'Jo dikhta hai wohi bikta hai' may sound like a cheesy line but it's grist to the food industry's mill.
We may all eat food to savour it but in this age of social media, we eat as much with our eyes as we do with our taste buds. No wonder, restaurateurs in Mumbai are going all out to make the dining experience appealing to as many senses as possible. So, your plate now is no longer content holding an interesting pudding until it flaunts all the colours of the rainbow.
As lifestyle journalist and food blogger with thehungryhappyhippy.com Priya Pathiyan says, "Taste, texture and aroma are important, but without visual appeal, many dishes would not be the hits they are. Social media has also played an important part in this evolution. With very visual apps such as Instagram and Snapchat and even Facebook and Whatsapp starting a 'stories' feature, it's become almost imperative to click an interesting meal and 'share' it with your followers."
Food pics or food porn as it is more fitting called, is catching up on social media like a house on fire as it guarantees maximum "likes ' per post. This has made it challenging for restaurateurs and chefs who have to don the cap of a 'food stylist' now. It is not important to whip up a yummy dish anymore as chef Mithilesh from TAG, Ranveer Brar's Gourmart Kitchen in Lower Parel says. "We are artists now. We have to choose our canvas carefully. This includes crockery which has to go with the texture and mood of the food we serve. Our colours are the smears and sauces we use."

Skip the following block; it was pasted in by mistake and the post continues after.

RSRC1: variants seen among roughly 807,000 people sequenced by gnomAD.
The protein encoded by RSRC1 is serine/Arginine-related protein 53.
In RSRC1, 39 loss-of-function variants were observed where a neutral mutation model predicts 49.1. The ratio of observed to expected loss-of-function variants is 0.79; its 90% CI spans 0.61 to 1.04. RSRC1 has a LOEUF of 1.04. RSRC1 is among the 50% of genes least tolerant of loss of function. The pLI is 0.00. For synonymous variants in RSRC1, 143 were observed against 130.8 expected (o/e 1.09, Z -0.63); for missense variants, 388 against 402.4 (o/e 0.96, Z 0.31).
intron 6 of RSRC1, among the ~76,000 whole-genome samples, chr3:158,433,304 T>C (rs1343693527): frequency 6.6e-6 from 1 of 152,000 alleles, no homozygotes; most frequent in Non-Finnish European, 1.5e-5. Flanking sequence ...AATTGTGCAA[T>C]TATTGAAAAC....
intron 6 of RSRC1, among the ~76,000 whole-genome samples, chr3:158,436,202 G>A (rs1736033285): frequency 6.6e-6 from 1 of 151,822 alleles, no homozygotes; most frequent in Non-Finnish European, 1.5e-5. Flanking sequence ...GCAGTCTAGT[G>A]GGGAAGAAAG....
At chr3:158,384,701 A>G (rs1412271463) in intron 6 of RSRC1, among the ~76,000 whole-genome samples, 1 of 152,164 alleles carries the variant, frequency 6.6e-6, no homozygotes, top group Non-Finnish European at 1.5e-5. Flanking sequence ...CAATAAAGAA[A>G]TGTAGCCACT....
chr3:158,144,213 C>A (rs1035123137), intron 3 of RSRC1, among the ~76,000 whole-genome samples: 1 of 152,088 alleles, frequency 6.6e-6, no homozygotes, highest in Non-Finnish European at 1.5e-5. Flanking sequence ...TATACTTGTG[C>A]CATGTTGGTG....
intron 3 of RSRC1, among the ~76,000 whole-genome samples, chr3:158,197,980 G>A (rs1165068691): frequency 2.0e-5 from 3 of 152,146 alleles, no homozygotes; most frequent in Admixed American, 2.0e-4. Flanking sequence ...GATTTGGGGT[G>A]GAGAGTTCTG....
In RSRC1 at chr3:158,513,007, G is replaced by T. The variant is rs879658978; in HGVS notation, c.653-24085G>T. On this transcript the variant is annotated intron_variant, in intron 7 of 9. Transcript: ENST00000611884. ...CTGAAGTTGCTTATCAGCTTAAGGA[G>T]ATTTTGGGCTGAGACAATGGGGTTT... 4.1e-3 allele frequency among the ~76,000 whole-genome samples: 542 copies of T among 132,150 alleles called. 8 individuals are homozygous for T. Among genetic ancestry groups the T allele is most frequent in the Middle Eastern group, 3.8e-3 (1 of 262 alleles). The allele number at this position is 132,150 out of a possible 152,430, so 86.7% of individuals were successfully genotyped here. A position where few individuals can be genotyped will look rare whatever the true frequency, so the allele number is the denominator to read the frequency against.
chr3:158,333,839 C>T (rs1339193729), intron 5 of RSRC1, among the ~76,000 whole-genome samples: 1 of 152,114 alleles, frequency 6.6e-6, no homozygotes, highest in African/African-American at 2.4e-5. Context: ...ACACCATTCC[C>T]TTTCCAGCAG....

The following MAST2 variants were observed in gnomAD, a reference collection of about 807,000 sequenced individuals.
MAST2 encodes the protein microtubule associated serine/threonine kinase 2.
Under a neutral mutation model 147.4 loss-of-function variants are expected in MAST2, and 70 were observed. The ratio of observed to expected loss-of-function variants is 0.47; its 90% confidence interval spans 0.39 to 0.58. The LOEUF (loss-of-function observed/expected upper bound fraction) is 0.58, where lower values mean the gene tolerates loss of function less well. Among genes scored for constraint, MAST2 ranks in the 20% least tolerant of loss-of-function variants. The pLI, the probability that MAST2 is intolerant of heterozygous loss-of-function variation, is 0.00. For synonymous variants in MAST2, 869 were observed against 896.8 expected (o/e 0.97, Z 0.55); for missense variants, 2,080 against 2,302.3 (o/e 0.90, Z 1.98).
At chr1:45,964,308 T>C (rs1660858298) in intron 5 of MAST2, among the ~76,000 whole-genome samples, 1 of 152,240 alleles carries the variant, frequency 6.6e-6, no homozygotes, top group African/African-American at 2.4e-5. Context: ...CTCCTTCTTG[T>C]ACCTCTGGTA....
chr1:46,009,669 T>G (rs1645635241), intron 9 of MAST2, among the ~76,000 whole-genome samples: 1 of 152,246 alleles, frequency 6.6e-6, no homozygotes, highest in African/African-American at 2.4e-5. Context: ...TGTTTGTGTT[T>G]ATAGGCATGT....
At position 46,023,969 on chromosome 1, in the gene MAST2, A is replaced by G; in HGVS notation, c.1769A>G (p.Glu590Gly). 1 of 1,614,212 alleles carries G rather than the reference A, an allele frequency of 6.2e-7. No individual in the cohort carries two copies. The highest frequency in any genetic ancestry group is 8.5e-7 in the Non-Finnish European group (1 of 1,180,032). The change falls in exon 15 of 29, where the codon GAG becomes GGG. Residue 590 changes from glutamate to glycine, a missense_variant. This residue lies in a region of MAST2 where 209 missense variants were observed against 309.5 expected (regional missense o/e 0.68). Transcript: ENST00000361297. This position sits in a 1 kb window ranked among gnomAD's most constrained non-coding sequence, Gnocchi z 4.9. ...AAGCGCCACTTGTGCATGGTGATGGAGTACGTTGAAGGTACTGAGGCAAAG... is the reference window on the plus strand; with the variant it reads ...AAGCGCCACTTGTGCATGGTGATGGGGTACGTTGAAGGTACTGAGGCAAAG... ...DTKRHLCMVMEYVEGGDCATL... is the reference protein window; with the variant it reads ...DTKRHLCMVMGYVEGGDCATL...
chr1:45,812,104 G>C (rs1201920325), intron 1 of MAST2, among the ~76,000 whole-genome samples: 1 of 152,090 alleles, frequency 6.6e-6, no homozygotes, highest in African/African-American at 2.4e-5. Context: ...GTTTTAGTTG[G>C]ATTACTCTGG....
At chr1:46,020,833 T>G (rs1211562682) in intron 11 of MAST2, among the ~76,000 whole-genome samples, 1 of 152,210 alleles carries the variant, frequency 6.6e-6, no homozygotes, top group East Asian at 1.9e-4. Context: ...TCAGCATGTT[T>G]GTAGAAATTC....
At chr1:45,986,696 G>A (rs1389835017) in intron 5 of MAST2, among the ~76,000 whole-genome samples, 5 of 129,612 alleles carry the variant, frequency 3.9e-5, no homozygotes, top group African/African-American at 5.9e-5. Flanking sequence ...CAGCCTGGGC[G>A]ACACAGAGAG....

But the drama doesn't end here. Visual representation of these creations is a completely different ball game altogether. Though many of us indulge in the craft amateurishly at times, food bloggers like Sarbjeet Singh put lots of effort into it. "Food should be displayed properly to get more attractive. You cannot taste food in pictures. These speak only when you have good presentation with the right click."
Amidst all this hoo ha, there are some restaurateurs who resist the urge to add drama to a dish just for the sake of social media mentions. Some openly abhor the idea of their creativity going public. Restaurateur Rajeev Gandhi who owns the Bhukkad dhaba in Juhu, believes in keeping a low profile and lets his work speak for himself. He feels people "overdo this instagramming thing and lose out on the joy of savouring the food."
To each his own, but we say - if you love it, flaunt it.
As Pathiyan quips, "All is fare in the food war".
(Pics courtesy - Priya Pathiyan, Renuka Garkkal)